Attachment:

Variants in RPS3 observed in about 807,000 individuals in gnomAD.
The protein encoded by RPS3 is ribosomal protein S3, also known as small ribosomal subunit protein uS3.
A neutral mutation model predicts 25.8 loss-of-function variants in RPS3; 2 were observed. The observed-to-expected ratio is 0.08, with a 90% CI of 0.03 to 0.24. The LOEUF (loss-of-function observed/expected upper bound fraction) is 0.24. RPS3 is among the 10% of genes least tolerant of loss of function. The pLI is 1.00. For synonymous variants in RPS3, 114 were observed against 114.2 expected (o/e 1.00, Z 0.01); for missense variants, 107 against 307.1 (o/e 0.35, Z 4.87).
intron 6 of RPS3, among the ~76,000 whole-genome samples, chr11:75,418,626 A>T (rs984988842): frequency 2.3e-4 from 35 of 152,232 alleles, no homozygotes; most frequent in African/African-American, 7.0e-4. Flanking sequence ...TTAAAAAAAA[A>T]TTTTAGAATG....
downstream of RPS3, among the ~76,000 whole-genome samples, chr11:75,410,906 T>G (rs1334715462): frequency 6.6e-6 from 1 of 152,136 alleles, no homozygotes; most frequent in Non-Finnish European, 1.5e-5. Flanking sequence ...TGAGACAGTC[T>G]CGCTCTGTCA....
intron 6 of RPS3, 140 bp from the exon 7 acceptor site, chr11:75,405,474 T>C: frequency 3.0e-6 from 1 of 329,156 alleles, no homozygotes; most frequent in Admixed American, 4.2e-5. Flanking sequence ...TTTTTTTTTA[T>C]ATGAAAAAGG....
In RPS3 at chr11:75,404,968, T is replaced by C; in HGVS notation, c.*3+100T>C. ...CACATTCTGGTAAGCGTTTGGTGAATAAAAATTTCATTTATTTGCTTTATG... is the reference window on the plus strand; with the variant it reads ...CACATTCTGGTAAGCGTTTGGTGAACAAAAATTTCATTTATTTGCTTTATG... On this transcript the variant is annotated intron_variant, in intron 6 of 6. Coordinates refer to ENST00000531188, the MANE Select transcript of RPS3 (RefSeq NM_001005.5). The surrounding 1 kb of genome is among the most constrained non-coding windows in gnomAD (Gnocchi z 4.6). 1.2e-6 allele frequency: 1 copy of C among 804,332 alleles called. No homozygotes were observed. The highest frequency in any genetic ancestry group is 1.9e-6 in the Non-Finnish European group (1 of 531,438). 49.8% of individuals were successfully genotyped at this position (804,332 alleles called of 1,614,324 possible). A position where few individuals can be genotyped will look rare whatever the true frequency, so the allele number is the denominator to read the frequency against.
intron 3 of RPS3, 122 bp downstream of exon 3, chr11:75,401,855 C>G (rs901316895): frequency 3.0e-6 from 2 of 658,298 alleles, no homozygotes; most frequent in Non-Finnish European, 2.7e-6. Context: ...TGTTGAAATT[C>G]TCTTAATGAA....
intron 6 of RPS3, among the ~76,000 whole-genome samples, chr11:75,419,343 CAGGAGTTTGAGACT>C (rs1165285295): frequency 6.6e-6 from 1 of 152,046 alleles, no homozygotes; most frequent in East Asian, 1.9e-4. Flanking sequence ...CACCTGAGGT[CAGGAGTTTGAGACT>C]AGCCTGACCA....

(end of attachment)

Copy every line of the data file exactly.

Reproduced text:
Variants in RPS3 observed in about 807,000 individuals in gnomAD.
The protein encoded by RPS3 is ribosomal protein S3, also known as small ribosomal subunit protein uS3.
A neutral mutation model predicts 25.8 loss-of-function variants in RPS3; 2 were observed. The observed-to-expected ratio is 0.08, with a 90% CI of 0.03 to 0.24. The LOEUF (loss-of-function observed/expected upper bound fraction) is 0.24. RPS3 is among the 10% of genes least tolerant of loss of function. The pLI is 1.00. For synonymous variants in RPS3, 114 were observed against 114.2 expected (o/e 1.00, Z 0.01); for missense variants, 107 against 307.1 (o/e 0.35, Z 4.87).
intron 6 of RPS3, among the ~76,000 whole-genome samples, chr11:75,418,626 A>T (rs984988842): frequency 2.3e-4 from 35 of 152,232 alleles, no homozygotes; most frequent in African/African-American, 7.0e-4. Flanking sequence ...TTAAAAAAAA[A>T]TTTTAGAATG....
downstream of RPS3, among the ~76,000 whole-genome samples, chr11:75,410,906 T>G (rs1334715462): frequency 6.6e-6 from 1 of 152,136 alleles, no homozygotes; most frequent in Non-Finnish European, 1.5e-5. Flanking sequence ...TGAGACAGTC[T>G]CGCTCTGTCA....
intron 6 of RPS3, 140 bp from the exon 7 acceptor site, chr11:75,405,474 T>C: frequency 3.0e-6 from 1 of 329,156 alleles, no homozygotes; most frequent in Admixed American, 4.2e-5. Flanking sequence ...TTTTTTTTTA[T>C]ATGAAAAAGG....
In RPS3 at chr11:75,404,968, T is replaced by C; in HGVS notation, c.*3+100T>C. ...CACATTCTGGTAAGCGTTTGGTGAATAAAAATTTCATTTATTTGCTTTATG... is the reference window on the plus strand; with the variant it reads ...CACATTCTGGTAAGCGTTTGGTGAACAAAAATTTCATTTATTTGCTTTATG... On this transcript the variant is annotated intron_variant, in intron 6 of 6. Coordinates refer to ENST00000531188, the MANE Select transcript of RPS3 (RefSeq NM_001005.5). The surrounding 1 kb of genome is among the most constrained non-coding windows in gnomAD (Gnocchi z 4.6). 1.2e-6 allele frequency: 1 copy of C among 804,332 alleles called. No homozygotes were observed. The highest frequency in any genetic ancestry group is 1.9e-6 in the Non-Finnish European group (1 of 531,438). 49.8% of individuals were successfully genotyped at this position (804,332 alleles called of 1,614,324 possible). A position where few individuals can be genotyped will look rare whatever the true frequency, so the allele number is the denominator to read the frequency against.
intron 3 of RPS3, 122 bp downstream of exon 3, chr11:75,401,855 C>G (rs901316895): frequency 3.0e-6 from 2 of 658,298 alleles, no homozygotes; most frequent in Non-Finnish European, 2.7e-6. Context: ...TGTTGAAATT[C>G]TCTTAATGAA....
intron 6 of RPS3, among the ~76,000 whole-genome samples, chr11:75,419,343 CAGGAGTTTGAGACT>C (rs1165285295): frequency 6.6e-6 from 1 of 152,046 alleles, no homozygotes; most frequent in East Asian, 1.9e-4. Flanking sequence ...CACCTGAGGT[CAGGAGTTTGAGACT>C]AGCCTGACCA....